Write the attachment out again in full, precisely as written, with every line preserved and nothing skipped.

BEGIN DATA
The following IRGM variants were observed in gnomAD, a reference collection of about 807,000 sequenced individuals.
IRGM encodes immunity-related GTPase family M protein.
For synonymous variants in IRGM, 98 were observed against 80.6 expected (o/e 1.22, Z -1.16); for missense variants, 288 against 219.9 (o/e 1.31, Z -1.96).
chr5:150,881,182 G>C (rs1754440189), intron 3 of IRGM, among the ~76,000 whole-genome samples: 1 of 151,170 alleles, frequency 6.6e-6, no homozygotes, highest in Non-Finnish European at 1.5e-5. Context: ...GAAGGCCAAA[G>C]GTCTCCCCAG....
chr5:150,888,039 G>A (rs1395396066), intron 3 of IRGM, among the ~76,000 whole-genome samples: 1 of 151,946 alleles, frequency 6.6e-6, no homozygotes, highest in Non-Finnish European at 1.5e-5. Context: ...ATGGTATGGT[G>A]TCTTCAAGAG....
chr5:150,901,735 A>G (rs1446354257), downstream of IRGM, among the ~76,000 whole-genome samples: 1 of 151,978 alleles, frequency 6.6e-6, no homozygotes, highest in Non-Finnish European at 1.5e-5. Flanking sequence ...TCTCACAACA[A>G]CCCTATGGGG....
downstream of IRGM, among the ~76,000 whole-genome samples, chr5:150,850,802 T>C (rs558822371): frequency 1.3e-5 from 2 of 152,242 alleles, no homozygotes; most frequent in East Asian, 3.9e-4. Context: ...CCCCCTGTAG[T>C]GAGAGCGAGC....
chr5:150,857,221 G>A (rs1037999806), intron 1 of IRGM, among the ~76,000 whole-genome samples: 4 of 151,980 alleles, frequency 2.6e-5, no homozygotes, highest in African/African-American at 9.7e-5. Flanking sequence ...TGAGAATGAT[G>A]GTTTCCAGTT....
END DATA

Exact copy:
The following IRGM variants were observed in gnomAD, a reference collection of about 807,000 sequenced individuals.
IRGM encodes immunity-related GTPase family M protein.
For synonymous variants in IRGM, 98 were observed against 80.6 expected (o/e 1.22, Z -1.16); for missense variants, 288 against 219.9 (o/e 1.31, Z -1.96).
chr5:150,881,182 G>C (rs1754440189), intron 3 of IRGM, among the ~76,000 whole-genome samples: 1 of 151,170 alleles, frequency 6.6e-6, no homozygotes, highest in Non-Finnish European at 1.5e-5. Context: ...GAAGGCCAAA[G>C]GTCTCCCCAG....
chr5:150,888,039 G>A (rs1395396066), intron 3 of IRGM, among the ~76,000 whole-genome samples: 1 of 151,946 alleles, frequency 6.6e-6, no homozygotes, highest in Non-Finnish European at 1.5e-5. Context: ...ATGGTATGGT[G>A]TCTTCAAGAG....
chr5:150,901,735 A>G (rs1446354257), downstream of IRGM, among the ~76,000 whole-genome samples: 1 of 151,978 alleles, frequency 6.6e-6, no homozygotes, highest in Non-Finnish European at 1.5e-5. Flanking sequence ...TCTCACAACA[A>G]CCCTATGGGG....
downstream of IRGM, among the ~76,000 whole-genome samples, chr5:150,850,802 T>C (rs558822371): frequency 1.3e-5 from 2 of 152,242 alleles, no homozygotes; most frequent in East Asian, 3.9e-4. Context: ...CCCCCTGTAG[T>C]GAGAGCGAGC....
chr5:150,857,221 G>A (rs1037999806), intron 1 of IRGM, among the ~76,000 whole-genome samples: 4 of 151,980 alleles, frequency 2.6e-5, no homozygotes, highest in African/African-American at 9.7e-5. Flanking sequence ...TGAGAATGAT[G>A]GTTTCCAGTT....